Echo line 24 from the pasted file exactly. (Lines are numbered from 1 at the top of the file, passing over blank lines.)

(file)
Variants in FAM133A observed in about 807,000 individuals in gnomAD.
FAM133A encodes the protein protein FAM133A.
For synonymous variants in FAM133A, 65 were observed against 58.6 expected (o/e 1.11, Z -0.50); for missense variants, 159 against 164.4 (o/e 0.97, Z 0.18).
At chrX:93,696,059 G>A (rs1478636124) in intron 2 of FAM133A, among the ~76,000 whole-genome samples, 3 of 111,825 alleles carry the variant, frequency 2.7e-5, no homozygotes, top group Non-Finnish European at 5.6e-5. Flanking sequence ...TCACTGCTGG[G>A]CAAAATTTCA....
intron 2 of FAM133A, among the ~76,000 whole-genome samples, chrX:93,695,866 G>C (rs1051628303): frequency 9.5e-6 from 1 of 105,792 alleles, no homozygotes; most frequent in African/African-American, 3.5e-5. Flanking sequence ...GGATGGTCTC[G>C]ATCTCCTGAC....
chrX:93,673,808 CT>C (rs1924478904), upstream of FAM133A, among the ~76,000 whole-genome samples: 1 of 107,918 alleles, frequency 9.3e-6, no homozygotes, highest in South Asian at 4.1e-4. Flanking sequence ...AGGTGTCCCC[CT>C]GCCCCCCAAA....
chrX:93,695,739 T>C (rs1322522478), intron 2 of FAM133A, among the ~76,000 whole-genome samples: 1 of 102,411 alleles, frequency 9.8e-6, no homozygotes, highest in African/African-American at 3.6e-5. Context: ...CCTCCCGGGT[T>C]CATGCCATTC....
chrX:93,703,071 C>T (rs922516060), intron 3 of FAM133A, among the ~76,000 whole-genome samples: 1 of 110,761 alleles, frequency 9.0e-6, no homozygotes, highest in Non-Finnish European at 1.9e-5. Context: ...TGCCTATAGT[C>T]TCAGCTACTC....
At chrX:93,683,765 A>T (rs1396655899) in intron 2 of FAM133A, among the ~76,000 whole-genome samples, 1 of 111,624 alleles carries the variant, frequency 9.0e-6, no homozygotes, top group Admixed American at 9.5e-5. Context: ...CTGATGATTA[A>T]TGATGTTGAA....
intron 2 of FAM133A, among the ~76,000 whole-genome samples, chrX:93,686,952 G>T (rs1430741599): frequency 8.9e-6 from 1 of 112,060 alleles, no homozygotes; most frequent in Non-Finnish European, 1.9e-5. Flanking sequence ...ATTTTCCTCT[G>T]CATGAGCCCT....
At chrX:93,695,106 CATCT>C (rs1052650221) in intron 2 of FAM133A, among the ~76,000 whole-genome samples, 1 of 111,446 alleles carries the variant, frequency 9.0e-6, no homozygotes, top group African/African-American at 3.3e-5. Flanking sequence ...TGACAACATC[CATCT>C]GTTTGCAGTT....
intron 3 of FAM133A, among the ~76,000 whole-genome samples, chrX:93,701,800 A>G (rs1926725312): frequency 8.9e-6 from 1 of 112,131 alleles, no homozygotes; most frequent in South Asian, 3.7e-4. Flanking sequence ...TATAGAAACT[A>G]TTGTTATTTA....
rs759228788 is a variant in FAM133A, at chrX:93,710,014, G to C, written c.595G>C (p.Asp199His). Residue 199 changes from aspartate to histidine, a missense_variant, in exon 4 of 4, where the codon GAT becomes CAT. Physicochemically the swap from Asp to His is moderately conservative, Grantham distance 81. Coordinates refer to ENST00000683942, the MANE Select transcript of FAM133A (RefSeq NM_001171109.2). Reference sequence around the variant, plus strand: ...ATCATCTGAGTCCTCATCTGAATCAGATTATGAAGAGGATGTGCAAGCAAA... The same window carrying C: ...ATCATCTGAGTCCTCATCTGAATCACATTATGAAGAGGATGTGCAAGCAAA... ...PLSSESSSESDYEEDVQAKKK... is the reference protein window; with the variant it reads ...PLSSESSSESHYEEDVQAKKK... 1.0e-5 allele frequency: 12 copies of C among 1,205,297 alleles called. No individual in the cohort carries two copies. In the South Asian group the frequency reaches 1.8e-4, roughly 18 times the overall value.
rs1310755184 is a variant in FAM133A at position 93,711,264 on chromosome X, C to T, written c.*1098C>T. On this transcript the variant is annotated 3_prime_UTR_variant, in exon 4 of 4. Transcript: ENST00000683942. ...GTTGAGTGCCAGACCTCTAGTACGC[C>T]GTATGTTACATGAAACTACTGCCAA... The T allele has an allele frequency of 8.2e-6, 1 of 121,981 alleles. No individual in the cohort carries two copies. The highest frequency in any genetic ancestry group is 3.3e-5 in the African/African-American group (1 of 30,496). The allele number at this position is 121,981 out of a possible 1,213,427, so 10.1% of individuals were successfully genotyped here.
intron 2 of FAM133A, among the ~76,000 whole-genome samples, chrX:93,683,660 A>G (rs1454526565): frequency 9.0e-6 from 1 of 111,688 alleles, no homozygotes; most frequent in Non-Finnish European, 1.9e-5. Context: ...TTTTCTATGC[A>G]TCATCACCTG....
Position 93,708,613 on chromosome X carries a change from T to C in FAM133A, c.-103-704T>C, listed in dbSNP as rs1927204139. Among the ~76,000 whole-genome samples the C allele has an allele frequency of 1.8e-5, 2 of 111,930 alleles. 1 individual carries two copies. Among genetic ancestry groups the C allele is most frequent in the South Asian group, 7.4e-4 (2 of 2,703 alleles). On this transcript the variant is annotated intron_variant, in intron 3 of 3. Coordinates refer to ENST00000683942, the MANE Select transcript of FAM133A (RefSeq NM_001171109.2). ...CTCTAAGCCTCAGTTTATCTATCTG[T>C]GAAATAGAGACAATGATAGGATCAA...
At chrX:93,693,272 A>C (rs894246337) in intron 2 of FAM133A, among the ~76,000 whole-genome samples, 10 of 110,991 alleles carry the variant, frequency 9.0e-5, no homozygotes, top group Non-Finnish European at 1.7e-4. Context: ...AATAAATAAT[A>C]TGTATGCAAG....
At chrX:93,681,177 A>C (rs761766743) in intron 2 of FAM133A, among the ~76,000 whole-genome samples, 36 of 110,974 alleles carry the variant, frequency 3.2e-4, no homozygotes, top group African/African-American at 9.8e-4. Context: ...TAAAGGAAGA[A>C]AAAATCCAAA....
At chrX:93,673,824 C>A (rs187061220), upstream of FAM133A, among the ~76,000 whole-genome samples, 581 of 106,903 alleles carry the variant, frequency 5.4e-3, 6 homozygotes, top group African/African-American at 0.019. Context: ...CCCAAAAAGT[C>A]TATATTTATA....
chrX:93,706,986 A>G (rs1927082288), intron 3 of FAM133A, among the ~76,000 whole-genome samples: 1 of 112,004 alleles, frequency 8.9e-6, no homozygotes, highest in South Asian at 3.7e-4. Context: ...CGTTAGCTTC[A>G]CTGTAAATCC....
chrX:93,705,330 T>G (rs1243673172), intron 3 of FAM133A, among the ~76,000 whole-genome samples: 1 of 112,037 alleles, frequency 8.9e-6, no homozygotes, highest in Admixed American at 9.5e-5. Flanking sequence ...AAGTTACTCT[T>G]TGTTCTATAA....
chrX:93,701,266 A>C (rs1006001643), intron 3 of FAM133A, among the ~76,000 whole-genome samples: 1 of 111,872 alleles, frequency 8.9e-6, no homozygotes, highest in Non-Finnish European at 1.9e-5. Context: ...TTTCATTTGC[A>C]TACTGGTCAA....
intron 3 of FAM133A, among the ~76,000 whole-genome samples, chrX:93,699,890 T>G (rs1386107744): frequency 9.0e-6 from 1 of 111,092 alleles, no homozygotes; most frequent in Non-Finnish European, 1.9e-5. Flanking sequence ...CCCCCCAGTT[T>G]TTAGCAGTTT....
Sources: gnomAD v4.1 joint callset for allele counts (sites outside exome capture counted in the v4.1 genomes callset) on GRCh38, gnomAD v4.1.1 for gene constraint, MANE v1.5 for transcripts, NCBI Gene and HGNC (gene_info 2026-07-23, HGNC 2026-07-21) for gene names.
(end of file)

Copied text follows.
Sources: gnomAD v4.1 joint callset for allele counts (sites outside exome capture counted in the v4.1 genomes callset) on GRCh38, gnomAD v4.1.1 for gene constraint, MANE v1.5 for transcripts, NCBI Gene and HGNC (gene_info 2026-07-23, HGNC 2026-07-21) for gene names.